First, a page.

Hey, remember a few weeks ago when I said I was kicking off a series of pieces focusing on time-travel related movies? Yep, me too; like, last night.
Since today is the designated “Future Day” that takes place in “Back to the Future, Part II” and Halloween also just happens to be about a week away, it only makes sense to do one running down a few of my favorite horror films that handle the “multiple worlds” type of time travel in unique, interesting or particularly grotesque ways.
Keep in mind, I’m listing these not just because they involve time travel, but also because they’re really, really good. That being said, if stuff like brains growing out of demon hands or, I dunno, penises that look like dragons make you squeamish, you should probably just stop at this article. M-kay? M-kay.
- V/H/S Viral (“Parallel Monsters” segment)
The “V/H/S” series of films is definitely a mixed bag when it comes to quality, none more so than this third installment of the anthology-style franchise. Each film, and the series as a whole, revolves around a series of videotapes that has a sometimes-creepy, sometimes-devastating effect on whoever views it; sort of like “The Ring” if it were mostly focused on body horror.
The penultimate segment, “Parallel Monsters,” is by far the best one in “Viral,” if for no other reason than the profoundly unsettling slow-build that leads into one of the more shocking climaxes of any film, short or feature-length, I’ve ever seen. In the story, a man, ostensibly a scientist, has been building a sort of “doorway” in the basement of the home he shares with his wife, Marta. When he activates the device, we not only see that it works, but that it has opened up a portal into a near-identical parallel dimension; we can see it’s identical, because an exact copy of the man is on the other side, having built the exact same machine.
Astounded and giddy, they begin to talk to each other and find that they have everything in common: they are both married to “Marta,” have both been working on the machine for the same amount of time, and their houses are exact mirror images of each other. They agree to explore each other’s side, and to meet back at the doorway in 15 minutes. As the perspective switches back and forth between the two, they begin to discover small differences in the parallel worlds: for one, Marta is fairly meek and quiet in the original world, but vivacious and outgoing in the other. As the two men spend a few minutes with each other’s version of Marta, things begin to quickly unravel, in the weirdest, most fantastically gross ways.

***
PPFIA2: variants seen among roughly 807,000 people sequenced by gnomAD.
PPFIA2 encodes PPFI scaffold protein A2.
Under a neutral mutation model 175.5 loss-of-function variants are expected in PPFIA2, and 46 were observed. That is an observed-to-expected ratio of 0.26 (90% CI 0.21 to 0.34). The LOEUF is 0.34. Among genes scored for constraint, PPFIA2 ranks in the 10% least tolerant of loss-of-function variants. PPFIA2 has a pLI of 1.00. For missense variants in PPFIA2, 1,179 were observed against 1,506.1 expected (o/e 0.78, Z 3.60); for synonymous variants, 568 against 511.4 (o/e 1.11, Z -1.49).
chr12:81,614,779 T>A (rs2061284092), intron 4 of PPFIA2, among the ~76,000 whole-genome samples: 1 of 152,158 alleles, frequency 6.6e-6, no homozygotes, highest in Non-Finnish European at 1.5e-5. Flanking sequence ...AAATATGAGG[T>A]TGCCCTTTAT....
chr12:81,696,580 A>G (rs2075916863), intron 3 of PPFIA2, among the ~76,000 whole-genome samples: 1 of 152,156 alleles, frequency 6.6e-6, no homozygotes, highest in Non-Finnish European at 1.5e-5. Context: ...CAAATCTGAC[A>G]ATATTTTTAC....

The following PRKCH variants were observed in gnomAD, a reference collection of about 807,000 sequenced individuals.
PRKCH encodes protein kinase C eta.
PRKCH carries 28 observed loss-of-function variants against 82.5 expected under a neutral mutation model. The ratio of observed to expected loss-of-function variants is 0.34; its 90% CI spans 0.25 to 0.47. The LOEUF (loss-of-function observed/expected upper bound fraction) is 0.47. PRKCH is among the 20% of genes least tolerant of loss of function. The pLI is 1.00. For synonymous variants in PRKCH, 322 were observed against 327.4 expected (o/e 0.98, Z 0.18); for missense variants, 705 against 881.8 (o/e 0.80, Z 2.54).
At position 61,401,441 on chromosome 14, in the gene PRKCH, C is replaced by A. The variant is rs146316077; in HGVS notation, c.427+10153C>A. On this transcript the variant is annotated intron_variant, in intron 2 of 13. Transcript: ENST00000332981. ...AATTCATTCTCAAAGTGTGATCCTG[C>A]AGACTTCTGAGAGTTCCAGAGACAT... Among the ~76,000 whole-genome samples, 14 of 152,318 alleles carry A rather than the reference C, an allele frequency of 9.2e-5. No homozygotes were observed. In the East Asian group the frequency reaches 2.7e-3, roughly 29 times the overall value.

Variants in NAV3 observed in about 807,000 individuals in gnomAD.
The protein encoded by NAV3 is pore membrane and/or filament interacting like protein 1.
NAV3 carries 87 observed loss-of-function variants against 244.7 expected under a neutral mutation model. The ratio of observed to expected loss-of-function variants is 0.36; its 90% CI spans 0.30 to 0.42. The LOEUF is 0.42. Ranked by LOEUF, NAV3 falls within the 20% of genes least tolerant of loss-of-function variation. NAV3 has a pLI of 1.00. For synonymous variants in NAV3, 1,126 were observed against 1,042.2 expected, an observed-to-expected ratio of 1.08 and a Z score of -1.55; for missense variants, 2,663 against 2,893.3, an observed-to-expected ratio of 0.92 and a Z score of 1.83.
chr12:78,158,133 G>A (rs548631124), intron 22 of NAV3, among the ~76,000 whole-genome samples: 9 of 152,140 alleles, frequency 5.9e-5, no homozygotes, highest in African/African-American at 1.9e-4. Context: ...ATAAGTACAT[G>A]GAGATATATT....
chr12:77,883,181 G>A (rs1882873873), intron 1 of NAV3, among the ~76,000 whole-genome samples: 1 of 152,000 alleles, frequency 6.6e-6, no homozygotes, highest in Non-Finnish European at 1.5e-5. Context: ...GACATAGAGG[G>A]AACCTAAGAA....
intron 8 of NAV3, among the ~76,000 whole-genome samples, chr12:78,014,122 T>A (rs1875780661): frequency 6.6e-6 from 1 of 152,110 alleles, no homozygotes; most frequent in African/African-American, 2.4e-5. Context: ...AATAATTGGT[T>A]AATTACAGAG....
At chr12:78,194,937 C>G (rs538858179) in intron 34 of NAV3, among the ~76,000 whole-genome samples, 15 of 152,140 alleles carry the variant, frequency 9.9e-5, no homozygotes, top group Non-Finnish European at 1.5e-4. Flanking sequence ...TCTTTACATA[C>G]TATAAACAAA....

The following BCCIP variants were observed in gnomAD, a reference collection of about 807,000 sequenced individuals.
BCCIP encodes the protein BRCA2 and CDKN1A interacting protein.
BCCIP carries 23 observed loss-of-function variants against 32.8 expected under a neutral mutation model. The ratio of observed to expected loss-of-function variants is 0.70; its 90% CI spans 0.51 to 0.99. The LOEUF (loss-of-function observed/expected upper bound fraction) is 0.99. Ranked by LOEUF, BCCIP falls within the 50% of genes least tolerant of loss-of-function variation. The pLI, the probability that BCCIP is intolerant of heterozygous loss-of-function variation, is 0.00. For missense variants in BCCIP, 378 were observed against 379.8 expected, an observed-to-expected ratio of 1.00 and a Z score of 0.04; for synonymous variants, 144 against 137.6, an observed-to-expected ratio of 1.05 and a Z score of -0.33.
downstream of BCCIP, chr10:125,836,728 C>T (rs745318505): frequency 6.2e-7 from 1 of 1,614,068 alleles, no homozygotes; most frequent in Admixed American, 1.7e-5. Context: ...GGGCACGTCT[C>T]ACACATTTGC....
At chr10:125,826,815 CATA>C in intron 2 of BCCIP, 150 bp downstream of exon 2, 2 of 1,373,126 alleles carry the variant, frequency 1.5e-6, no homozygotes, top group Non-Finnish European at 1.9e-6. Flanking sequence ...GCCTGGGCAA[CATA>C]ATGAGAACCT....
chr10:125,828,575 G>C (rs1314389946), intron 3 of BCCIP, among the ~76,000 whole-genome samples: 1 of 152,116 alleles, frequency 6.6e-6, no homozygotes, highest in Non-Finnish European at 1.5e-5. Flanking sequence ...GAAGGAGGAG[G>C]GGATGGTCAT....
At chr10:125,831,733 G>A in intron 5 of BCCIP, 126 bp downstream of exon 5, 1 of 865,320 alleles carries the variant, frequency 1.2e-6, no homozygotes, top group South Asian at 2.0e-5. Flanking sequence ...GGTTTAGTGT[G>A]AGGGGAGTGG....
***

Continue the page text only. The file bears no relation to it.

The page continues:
Trust me: look this up on Netflix and just queue up this segment. Then, y’know, never go to sleep again, ever.
- Event Horizon
On the surface, it’s pretty simple: a spaceship, utilizing an experimental type of hyper drive (which, and this is probably bunk, scientifically speaking, creates an artificial black hole and bridges two point in space light years apart), has gone missing, and another spaceship is dispatched to go and find it. That, essentially, is the plot, though there’s plenty of between-the-lines nightmare fuel to fill in the cracks.
For one thing, when the team arrives on the now-deserted ship, they recover the video log kept by the captain. Watching the final entry, they see a visibly tormented, mutilated crew violently slaughtering one another, while the blinded captain holds his own eyeballs up the camera and says, “liberate tuteme ex infiris.” Literally, “save yourself from hell.” The rescue crew deduces that the ship’s drive ripped a hole in space-time, and was sent to an alternate dimension of “pure chaos,” and has been instilled with a malevolent sentience. Essentially, the ship has gone to hell and, as a result, now carries hell with it.
It’s a great set-up, and a great take on the nature of Hell itself. Grounding something like that, a pure, ethereal, eldritch horror, making its existence entirely possible, almost makes it more horrifying. Perhaps most effectively, the movie is masterful at only showing glimpses of what this hell actually comprises, and what goes on. You can go frame-by-frame with those scenes if you want, but… good lord, what is wrong with you?
- Dark City
Another one that might make you go, “Oh yeah, that.” This movie came around at a weird point in our popular culture: people still wore Jncos, shopped at Spencer’s Gifts and snowboarder goggles were popular with non-snowboarders. Also, it had a similar look to, and was released around the same time as, the Matrix trilogy, so you can imagine it kind of got lost in the shuffle. That said, it’s a really unique take on the parallel universes motif.
A man, played by Rufus Sewell (truly our finest lazy-eyed thespian), awakens in a bathtub, having apparently been framed for the ritualistic murder of a woman. He makes it out of the apartment, and is soon on the run from both the city’s police and from “The Strangers,” terrifying, vaguely human authority figures who are able to stop time each night at midnight, and rearrange the city (the configuration, the details of its inhabitants’ lives, everything). The explanation for the presence and abilities of The Strangers is a little bit of a letdown (it’s aliens; of course it’s aliens), but it’s the atmosphere of the city itself, not to mention the pervasive sense of paranoia and oppression that the film executes so brilliantly, that makes you keep watching. If you like “Invasion of the Body Snatchers,” this is the one for you.